Before her role at 4PIC, Reynolds baked for family and friends out of her home. 

“Everyone around Wabash knows Carrie for her baking skills,” Julie shared. And now as the Executive Baker for 4PIC, Carrie’s desserts are making a big splash. The most popular? Her butter cake. 

“Everybody loves it. We can never get rid of it,” Reynolds says. 

Tapas from 4 Partners in Crime.She says she loves her role at 4PIC because of the joy that her desserts bring other people. 

“I remember when we first opened, and I was standing in the kitchen watching people talk and eat and enjoy their food,” says Reynolds. “It was so fulfilling.” 

Marcy Rife, Executive Chef at Market Street Grill4. Chef Marcy Rife, Market Street Grill

Rife has been working at Market Street Grill (MSG) since 1996. Now serving as the Executive Chef, she does everything from creating a monthly menu to maintaining food costs and providing training for kitchen staff. She's spent her entire career in restaurants, starting in high school when she was hired to bus tables at Mike’s Little Italy, a restaurant previously in Wabash. 

“I didn’t like it, so I was like ‘Get me in the kitchen, and I’ll do whatever,’” Rife recalls. “So they put me on dishes, and it went from there.”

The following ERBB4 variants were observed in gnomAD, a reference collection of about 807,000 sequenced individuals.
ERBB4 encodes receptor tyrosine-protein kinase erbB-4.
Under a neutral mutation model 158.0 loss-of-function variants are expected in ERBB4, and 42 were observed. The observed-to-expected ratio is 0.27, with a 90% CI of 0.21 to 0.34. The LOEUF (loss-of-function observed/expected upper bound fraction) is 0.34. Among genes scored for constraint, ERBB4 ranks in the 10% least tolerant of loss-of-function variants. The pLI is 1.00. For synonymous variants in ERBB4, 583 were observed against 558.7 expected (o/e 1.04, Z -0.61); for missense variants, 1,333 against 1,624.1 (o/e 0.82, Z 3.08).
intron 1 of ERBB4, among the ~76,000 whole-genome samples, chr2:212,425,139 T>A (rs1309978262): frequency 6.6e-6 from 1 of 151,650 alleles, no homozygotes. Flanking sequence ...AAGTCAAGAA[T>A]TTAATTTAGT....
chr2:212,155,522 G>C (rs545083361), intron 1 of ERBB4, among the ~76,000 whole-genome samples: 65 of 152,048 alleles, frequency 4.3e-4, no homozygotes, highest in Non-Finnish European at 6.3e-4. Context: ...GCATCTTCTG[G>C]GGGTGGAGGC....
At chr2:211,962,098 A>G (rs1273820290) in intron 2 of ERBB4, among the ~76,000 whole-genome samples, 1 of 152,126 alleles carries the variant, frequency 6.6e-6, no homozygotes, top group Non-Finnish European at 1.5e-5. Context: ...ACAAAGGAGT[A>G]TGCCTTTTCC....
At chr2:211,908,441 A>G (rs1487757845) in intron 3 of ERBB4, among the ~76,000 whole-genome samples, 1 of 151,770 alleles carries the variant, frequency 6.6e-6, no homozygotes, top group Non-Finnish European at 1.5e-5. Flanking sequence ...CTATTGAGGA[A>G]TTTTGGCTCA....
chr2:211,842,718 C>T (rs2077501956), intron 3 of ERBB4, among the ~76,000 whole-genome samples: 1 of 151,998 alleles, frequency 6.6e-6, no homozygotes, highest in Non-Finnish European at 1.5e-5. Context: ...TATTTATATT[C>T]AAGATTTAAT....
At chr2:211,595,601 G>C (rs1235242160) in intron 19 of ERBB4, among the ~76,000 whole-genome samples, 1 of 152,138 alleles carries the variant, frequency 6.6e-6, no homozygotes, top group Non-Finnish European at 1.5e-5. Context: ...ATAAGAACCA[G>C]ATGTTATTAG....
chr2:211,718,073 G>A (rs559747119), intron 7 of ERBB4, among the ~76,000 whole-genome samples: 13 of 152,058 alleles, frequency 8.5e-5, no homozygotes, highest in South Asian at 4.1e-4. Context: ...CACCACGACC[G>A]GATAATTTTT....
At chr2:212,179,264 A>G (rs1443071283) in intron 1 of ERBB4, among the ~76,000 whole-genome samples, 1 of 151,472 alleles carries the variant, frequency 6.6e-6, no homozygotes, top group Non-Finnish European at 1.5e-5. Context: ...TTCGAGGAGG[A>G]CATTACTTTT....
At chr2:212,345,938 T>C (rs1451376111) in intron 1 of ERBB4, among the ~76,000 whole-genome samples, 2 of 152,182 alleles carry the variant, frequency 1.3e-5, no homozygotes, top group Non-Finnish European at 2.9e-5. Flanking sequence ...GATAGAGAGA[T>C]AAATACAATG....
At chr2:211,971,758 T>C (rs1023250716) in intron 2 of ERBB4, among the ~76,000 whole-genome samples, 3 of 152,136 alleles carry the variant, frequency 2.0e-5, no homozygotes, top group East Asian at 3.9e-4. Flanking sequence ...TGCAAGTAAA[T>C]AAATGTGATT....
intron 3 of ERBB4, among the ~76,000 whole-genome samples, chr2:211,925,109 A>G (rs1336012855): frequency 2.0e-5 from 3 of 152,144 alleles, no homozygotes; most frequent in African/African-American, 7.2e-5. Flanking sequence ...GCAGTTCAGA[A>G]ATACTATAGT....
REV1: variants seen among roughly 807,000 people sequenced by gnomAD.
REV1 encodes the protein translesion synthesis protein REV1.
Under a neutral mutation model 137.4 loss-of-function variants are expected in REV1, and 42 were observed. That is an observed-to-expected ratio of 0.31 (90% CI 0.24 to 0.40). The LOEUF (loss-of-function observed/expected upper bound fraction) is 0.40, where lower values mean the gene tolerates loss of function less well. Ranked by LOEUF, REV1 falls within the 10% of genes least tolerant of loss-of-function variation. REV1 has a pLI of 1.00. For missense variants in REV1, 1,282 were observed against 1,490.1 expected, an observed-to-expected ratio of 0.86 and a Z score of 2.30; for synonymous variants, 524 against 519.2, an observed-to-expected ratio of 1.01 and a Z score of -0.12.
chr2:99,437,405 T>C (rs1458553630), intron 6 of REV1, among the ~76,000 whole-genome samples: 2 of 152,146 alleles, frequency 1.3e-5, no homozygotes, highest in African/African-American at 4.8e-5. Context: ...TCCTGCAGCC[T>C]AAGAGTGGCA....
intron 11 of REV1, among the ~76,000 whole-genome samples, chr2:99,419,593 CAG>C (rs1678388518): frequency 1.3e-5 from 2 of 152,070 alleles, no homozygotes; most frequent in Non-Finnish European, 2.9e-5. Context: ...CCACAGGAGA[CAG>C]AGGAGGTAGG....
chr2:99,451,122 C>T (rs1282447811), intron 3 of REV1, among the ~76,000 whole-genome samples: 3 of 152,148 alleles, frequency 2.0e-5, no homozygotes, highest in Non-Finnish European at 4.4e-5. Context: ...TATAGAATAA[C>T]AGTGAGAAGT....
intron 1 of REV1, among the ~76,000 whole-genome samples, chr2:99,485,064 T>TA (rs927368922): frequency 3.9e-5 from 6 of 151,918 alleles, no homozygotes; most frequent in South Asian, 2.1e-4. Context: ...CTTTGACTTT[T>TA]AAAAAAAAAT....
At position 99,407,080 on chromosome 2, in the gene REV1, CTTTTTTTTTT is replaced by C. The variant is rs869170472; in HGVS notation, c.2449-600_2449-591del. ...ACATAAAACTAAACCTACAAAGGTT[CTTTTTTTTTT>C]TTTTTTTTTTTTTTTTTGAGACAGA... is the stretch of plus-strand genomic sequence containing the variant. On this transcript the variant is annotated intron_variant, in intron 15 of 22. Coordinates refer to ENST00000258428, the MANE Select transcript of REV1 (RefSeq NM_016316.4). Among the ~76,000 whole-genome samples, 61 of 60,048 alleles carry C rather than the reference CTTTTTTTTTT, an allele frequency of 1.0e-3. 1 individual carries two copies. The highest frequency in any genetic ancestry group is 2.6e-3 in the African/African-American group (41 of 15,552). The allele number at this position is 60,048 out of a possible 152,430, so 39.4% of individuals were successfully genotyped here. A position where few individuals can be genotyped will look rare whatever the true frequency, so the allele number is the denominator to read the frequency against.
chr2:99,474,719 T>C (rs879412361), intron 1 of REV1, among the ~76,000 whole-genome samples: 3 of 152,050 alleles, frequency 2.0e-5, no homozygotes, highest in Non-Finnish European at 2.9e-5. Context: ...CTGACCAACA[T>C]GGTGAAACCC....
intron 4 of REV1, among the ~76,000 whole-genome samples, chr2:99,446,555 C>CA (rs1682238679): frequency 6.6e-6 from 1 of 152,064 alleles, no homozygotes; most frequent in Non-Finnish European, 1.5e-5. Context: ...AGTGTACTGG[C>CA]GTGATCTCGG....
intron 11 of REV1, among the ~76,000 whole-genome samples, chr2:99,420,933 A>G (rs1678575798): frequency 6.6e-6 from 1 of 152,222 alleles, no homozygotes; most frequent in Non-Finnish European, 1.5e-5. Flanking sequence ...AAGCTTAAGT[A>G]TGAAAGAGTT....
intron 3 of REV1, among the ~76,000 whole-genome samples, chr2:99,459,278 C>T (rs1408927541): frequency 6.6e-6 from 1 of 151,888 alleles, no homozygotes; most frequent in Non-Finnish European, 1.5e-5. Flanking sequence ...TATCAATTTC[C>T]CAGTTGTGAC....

In the late 80s, Rife realized she wasn’t being offered the same opportunities as her colleagues, so she decided to pursue professional culinary training. 

“I really loved the business, and I loved cooking, so I went to school,” Rife says. 

She enrolled at the American Culinary Federation in Richmond, VA, to be certified as a chef. She eventually found her way back to Wabash. 

After almost 30 years at Market Street Grill, Rife loves the creative freedom that the restaurant offers her. 

Tenderloin from Market Street Grill.“They give me freedom on cooking and creating specials,” she says. 

She creaetd one of MSG's most popular items on the menu when she started there: Chef Marcy’s Market Street Grill Burger. 

Rife says she loves being a chef because every day is a new adventure. 

Market Street Grill“It’s something new every day, if you want it to be,” she says. “The art of cooking is almost like you’re in art class.”

Eric Wilson, Executive Chef for Twenty at the Charley Creek Inn5. Chef Eric Wilson, Twenty - Charley Creek Inn

Located inside the historic Charley Creek Inn, Twenty serves handcrafted delicacies in Wabash. Wilson has been the Executive Chef there for six years. He first found his love for cooking in 7th grade home economics.